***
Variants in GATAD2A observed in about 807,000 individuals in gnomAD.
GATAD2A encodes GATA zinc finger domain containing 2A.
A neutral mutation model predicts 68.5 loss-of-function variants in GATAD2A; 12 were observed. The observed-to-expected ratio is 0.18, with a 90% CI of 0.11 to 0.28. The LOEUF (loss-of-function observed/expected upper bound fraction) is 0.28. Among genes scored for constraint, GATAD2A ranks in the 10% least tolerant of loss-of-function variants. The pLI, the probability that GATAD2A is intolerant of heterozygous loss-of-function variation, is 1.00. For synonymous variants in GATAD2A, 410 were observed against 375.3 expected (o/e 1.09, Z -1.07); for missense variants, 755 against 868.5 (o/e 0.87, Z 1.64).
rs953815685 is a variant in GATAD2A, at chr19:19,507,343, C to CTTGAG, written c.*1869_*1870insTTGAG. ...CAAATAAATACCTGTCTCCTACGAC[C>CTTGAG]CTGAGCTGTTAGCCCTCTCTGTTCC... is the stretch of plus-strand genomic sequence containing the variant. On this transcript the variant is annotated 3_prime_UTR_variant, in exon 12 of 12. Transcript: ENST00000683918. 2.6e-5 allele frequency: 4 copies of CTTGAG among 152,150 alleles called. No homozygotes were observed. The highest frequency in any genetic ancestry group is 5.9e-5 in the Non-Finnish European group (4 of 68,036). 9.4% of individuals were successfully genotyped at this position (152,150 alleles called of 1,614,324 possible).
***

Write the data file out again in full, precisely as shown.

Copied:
Variants in GATAD2A observed in about 807,000 individuals in gnomAD.
GATAD2A encodes GATA zinc finger domain containing 2A.
A neutral mutation model predicts 68.5 loss-of-function variants in GATAD2A; 12 were observed. The observed-to-expected ratio is 0.18, with a 90% CI of 0.11 to 0.28. The LOEUF (loss-of-function observed/expected upper bound fraction) is 0.28. Among genes scored for constraint, GATAD2A ranks in the 10% least tolerant of loss-of-function variants. The pLI, the probability that GATAD2A is intolerant of heterozygous loss-of-function variation, is 1.00. For synonymous variants in GATAD2A, 410 were observed against 375.3 expected (o/e 1.09, Z -1.07); for missense variants, 755 against 868.5 (o/e 0.87, Z 1.64).
rs953815685 is a variant in GATAD2A, at chr19:19,507,343, C to CTTGAG, written c.*1869_*1870insTTGAG. ...CAAATAAATACCTGTCTCCTACGAC[C>CTTGAG]CTGAGCTGTTAGCCCTCTCTGTTCC... is the stretch of plus-strand genomic sequence containing the variant. On this transcript the variant is annotated 3_prime_UTR_variant, in exon 12 of 12. Transcript: ENST00000683918. 2.6e-5 allele frequency: 4 copies of CTTGAG among 152,150 alleles called. No homozygotes were observed. The highest frequency in any genetic ancestry group is 5.9e-5 in the Non-Finnish European group (4 of 68,036). 9.4% of individuals were successfully genotyped at this position (152,150 alleles called of 1,614,324 possible).